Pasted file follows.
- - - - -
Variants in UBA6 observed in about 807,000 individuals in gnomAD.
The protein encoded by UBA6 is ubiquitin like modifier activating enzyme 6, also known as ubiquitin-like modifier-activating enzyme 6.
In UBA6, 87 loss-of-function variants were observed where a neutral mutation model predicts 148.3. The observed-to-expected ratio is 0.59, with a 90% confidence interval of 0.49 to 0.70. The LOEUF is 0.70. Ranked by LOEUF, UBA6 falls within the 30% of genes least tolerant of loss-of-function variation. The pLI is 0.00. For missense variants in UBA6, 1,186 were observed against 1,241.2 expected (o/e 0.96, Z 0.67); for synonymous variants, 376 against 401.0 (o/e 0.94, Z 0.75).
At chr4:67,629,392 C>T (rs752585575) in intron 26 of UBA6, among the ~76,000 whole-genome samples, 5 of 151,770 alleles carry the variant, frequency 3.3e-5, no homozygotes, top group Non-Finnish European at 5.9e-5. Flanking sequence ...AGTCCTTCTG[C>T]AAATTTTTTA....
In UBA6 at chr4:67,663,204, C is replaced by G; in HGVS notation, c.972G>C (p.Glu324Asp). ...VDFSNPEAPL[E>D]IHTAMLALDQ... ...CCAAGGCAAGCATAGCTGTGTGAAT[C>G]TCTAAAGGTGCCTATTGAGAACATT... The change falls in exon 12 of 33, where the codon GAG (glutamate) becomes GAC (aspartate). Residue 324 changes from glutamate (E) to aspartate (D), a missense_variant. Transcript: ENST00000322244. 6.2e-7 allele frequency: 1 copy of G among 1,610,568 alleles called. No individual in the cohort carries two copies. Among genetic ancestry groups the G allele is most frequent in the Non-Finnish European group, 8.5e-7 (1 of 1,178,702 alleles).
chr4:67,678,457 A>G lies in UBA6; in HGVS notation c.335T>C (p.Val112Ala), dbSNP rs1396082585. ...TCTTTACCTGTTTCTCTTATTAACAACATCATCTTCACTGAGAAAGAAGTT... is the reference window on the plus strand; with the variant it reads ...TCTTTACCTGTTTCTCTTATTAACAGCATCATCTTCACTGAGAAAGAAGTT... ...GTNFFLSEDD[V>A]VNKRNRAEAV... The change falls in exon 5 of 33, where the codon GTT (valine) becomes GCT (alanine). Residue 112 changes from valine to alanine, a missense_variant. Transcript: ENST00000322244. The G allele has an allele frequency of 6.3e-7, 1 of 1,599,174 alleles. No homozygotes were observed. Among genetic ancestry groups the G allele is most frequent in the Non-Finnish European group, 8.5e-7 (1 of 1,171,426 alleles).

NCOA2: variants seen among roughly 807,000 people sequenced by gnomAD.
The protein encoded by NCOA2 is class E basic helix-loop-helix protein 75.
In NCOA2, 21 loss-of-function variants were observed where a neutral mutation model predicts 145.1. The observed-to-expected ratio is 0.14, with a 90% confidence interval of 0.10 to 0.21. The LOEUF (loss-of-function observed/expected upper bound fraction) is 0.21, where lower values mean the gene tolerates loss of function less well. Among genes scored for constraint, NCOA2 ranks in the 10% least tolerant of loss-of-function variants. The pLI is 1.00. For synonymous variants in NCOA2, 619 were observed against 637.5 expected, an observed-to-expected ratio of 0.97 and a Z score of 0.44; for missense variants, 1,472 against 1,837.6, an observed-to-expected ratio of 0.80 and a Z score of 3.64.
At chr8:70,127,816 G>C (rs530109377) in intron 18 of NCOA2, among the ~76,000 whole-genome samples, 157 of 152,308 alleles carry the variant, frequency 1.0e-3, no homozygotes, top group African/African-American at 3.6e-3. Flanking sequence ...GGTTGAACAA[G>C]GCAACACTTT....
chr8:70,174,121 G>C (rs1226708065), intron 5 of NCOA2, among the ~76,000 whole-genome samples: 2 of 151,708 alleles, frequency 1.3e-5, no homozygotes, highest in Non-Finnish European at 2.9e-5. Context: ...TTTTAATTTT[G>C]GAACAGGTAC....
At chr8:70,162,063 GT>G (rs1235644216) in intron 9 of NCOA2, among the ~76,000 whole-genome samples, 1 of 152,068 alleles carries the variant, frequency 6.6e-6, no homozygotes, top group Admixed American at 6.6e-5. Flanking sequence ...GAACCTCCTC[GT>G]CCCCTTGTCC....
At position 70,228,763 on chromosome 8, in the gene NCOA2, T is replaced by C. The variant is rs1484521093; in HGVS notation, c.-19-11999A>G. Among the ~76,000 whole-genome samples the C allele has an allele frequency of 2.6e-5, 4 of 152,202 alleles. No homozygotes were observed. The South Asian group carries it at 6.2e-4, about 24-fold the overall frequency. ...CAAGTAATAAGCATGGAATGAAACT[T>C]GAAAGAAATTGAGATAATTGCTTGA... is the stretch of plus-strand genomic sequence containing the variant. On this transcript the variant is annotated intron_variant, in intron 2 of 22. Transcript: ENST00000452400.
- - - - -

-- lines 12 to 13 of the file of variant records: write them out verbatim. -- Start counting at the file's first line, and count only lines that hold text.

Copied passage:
At chr8:70,162,063 GT>G (rs1235644216) in intron 9 of NCOA2, among the ~76,000 whole-genome samples, 1 of 152,068 alleles carries the variant, frequency 6.6e-6, no homozygotes, top group Admixed American at 6.6e-5. Flanking sequence ...GAACCTCCTC[GT>G]CCCCTTGTCC....
At position 70,228,763 on chromosome 8, in the gene NCOA2, T is replaced by C. The variant is rs1484521093; in HGVS notation, c.-19-11999A>G. Among the ~76,000 whole-genome samples the C allele has an allele frequency of 2.6e-5, 4 of 152,202 alleles. No homozygotes were observed. The South Asian group carries it at 6.2e-4, about 24-fold the overall frequency. ...CAAGTAATAAGCATGGAATGAAACT[T>C]GAAAGAAATTGAGATAATTGCTTGA... is the stretch of plus-strand genomic sequence containing the variant. On this transcript the variant is annotated intron_variant, in intron 2 of 22. Transcript: ENST00000452400.